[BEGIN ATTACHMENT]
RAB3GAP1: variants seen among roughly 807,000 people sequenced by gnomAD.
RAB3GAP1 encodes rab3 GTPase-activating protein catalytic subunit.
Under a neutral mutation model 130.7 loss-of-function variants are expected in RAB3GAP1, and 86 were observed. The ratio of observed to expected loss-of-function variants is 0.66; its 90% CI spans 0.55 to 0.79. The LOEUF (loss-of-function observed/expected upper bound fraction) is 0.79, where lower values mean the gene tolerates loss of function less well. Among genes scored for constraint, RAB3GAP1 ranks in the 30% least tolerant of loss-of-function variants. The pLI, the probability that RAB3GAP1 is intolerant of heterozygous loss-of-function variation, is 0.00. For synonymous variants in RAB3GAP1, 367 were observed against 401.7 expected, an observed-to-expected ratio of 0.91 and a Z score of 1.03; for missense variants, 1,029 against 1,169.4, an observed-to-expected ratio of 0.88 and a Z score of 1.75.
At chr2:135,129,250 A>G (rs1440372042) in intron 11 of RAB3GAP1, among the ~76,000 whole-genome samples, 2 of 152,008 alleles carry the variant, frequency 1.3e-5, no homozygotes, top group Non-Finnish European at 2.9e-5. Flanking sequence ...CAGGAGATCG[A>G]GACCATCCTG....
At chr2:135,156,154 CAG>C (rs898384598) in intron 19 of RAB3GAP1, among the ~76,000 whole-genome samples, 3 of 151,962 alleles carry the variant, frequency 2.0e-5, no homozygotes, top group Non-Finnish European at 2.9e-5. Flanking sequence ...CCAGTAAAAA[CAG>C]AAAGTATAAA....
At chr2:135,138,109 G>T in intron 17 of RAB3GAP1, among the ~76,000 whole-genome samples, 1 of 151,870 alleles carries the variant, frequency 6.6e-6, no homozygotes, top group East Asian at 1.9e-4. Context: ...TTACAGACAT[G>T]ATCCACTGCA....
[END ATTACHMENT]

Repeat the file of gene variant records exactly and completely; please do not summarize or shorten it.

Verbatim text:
RAB3GAP1: variants seen among roughly 807,000 people sequenced by gnomAD.
RAB3GAP1 encodes rab3 GTPase-activating protein catalytic subunit.
Under a neutral mutation model 130.7 loss-of-function variants are expected in RAB3GAP1, and 86 were observed. The ratio of observed to expected loss-of-function variants is 0.66; its 90% CI spans 0.55 to 0.79. The LOEUF (loss-of-function observed/expected upper bound fraction) is 0.79, where lower values mean the gene tolerates loss of function less well. Among genes scored for constraint, RAB3GAP1 ranks in the 30% least tolerant of loss-of-function variants. The pLI, the probability that RAB3GAP1 is intolerant of heterozygous loss-of-function variation, is 0.00. For synonymous variants in RAB3GAP1, 367 were observed against 401.7 expected, an observed-to-expected ratio of 0.91 and a Z score of 1.03; for missense variants, 1,029 against 1,169.4, an observed-to-expected ratio of 0.88 and a Z score of 1.75.
At chr2:135,129,250 A>G (rs1440372042) in intron 11 of RAB3GAP1, among the ~76,000 whole-genome samples, 2 of 152,008 alleles carry the variant, frequency 1.3e-5, no homozygotes, top group Non-Finnish European at 2.9e-5. Flanking sequence ...CAGGAGATCG[A>G]GACCATCCTG....
At chr2:135,156,154 CAG>C (rs898384598) in intron 19 of RAB3GAP1, among the ~76,000 whole-genome samples, 3 of 151,962 alleles carry the variant, frequency 2.0e-5, no homozygotes, top group Non-Finnish European at 2.9e-5. Flanking sequence ...CCAGTAAAAA[CAG>C]AAAGTATAAA....
At chr2:135,138,109 G>T in intron 17 of RAB3GAP1, among the ~76,000 whole-genome samples, 1 of 151,870 alleles carries the variant, frequency 6.6e-6, no homozygotes, top group East Asian at 1.9e-4. Context: ...TTACAGACAT[G>T]ATCCACTGCA....